Confronting Stigma in Hampton Roads

By Ta’Kindra Westbrook, Hampton Roads Community Organizer. Contact her at @takindra or email her here.

This past weekend, I was very excited to attend the first “Curls for Choice” event in Norfolk, VA.

“Curls for Choice” is the brain child of one of our choice ambassadors (a recent graduate from our Hampton Roads Leadership and Advocacy Summit) and community organizers. After attending many choice activities and events, the two recognized that there was not an equal representation of women of color at these events. They saw a need for a space where progressive, pro-choice, women of color could meet to discuss issues that were important to them — and with that, Curls for Choice was born.

At NARAL Pro-Choice Virginia, we recognize that a cultural shift needs to happen if we want to remove the stigma of abortion. Curls for Choice is an opportunity to begin that cultural shift through conversations among a small group of women of color in Hampton Roads. At the group’s first meeting, we discussed the correlation between the stigma of abortion and natural hair. The women quickly found that stigma is the same no matter the topic.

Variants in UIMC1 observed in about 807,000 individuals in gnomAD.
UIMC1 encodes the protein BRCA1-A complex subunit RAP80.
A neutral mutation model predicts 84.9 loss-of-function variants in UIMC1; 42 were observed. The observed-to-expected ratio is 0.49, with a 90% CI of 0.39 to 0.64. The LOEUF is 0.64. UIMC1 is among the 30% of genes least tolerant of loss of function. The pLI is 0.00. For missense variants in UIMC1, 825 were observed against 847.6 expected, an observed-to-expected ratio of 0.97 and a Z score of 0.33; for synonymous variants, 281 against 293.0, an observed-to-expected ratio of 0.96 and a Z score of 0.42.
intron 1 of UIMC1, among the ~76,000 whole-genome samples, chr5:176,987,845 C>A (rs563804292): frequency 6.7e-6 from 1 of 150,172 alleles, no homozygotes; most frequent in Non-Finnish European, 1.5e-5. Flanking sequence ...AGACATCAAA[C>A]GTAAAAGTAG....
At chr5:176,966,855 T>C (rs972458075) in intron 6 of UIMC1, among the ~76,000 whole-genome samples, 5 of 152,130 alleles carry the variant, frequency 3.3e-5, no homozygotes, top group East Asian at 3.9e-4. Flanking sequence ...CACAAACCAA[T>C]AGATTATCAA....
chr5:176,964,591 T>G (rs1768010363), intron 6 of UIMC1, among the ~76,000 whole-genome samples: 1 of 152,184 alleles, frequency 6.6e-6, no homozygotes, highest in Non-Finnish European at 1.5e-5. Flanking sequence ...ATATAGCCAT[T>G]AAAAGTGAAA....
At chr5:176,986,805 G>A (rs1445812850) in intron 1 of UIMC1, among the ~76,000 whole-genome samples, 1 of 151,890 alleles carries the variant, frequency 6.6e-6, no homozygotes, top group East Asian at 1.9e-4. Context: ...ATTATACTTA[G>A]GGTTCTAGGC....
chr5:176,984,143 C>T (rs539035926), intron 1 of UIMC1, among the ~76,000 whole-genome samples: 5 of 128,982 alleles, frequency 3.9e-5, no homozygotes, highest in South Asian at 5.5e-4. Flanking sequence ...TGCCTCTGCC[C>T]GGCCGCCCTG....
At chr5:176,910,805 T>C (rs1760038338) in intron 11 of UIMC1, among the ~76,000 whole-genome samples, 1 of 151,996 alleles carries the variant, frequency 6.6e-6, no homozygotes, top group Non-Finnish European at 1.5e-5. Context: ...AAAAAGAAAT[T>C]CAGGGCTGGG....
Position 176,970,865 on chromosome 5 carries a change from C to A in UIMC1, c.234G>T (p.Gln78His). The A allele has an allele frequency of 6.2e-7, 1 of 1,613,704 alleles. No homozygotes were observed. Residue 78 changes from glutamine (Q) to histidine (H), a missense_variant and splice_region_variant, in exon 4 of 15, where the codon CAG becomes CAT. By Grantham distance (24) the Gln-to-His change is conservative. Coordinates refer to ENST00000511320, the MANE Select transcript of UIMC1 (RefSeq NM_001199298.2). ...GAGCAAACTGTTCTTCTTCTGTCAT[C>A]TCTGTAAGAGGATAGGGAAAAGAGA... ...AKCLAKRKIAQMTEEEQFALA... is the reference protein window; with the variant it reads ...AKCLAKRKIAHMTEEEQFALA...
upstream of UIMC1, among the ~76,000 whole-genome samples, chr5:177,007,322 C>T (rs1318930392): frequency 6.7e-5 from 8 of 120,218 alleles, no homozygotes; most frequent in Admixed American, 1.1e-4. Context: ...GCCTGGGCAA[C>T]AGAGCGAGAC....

Women at "Curls for Choice" event discuss the stigma around natural hair and reproductive health

Women at “Curls for Choice” event discuss the stigma around natural hair and reproductive health

Each woman shared personal anecdotes about transitioning from relaxed to natural hair. Some shared comments that we in the natural community have heard before, such as “You are very brave to do that, I don’t think I could wear my hair that way,” or even “You’ll never find a husband.” While these comments may seem outrageous, they are actually very common, and have been experienced by many women of color who choose to wear their hair naturally.

Interestingly,  many of these same comments are also made to women who share their story of choosing abortion. Women who have chosen abortion as an option may hear  “You are very brave; I don’t think I could have made that decision,” or even “you’ll never get a husband.” Sometimes these are the nicer comments (as was the case with this woman’s abortion story), but ultimately the root is the same – judgment and stigma.

More often than not, women are put in a position to explain their decisions and choices, whether it is about their hair or reproductive health. That’s why NARAL Pro-Choice Virginia is working on shifting the culture so that a woman’s choice is her sacred right — no explanation needed.  I was inspired by the first Curls for Choice event, and I know we’re off to a great start.